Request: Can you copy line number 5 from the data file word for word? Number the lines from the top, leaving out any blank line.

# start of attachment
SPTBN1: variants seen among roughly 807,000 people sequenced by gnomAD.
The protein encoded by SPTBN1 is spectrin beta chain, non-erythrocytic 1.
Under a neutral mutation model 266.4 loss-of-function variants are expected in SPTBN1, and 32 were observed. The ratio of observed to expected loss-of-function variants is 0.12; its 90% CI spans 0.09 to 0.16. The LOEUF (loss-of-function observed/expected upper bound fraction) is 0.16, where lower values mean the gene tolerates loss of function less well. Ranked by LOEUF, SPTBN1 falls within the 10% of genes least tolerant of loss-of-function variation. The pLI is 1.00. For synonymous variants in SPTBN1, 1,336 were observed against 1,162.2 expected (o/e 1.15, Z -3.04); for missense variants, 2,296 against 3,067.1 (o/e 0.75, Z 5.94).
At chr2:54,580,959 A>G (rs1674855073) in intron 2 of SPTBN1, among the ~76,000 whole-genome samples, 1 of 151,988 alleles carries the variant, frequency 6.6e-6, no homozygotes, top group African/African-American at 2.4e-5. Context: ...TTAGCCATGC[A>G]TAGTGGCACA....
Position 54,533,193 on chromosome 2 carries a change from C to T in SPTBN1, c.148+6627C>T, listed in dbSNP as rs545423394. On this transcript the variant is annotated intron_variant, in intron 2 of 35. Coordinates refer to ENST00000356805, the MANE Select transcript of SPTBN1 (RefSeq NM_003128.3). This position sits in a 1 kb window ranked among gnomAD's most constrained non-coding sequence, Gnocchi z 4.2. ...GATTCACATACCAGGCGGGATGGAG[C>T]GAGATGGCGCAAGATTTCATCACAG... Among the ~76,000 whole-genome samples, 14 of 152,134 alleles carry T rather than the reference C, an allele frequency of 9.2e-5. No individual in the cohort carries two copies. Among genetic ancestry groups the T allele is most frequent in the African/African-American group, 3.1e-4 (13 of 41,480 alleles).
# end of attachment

Position 54,533,193 on chromosome 2 carries a change from C to T in SPTBN1, c.148+6627C>T, listed in dbSNP as rs545423394. On this transcript the variant is annotated intron_variant, in intron 2 of 35. Coordinates refer to ENST00000356805, the MANE Select transcript of SPTBN1 (RefSeq NM_003128.3). This position sits in a 1 kb window ranked among gnomAD's most constrained non-coding sequence, Gnocchi z 4.2. ...GATTCACATACCAGGCGGGATGGAG[C>T]GAGATGGCGCAAGATTTCATCACAG... Among the ~76,000 whole-genome samples, 14 of 152,134 alleles carry T rather than the reference C, an allele frequency of 9.2e-5. No individual in the cohort carries two copies. Among genetic ancestry groups the T allele is most frequent in the African/African-American group, 3.1e-4 (13 of 41,480 alleles).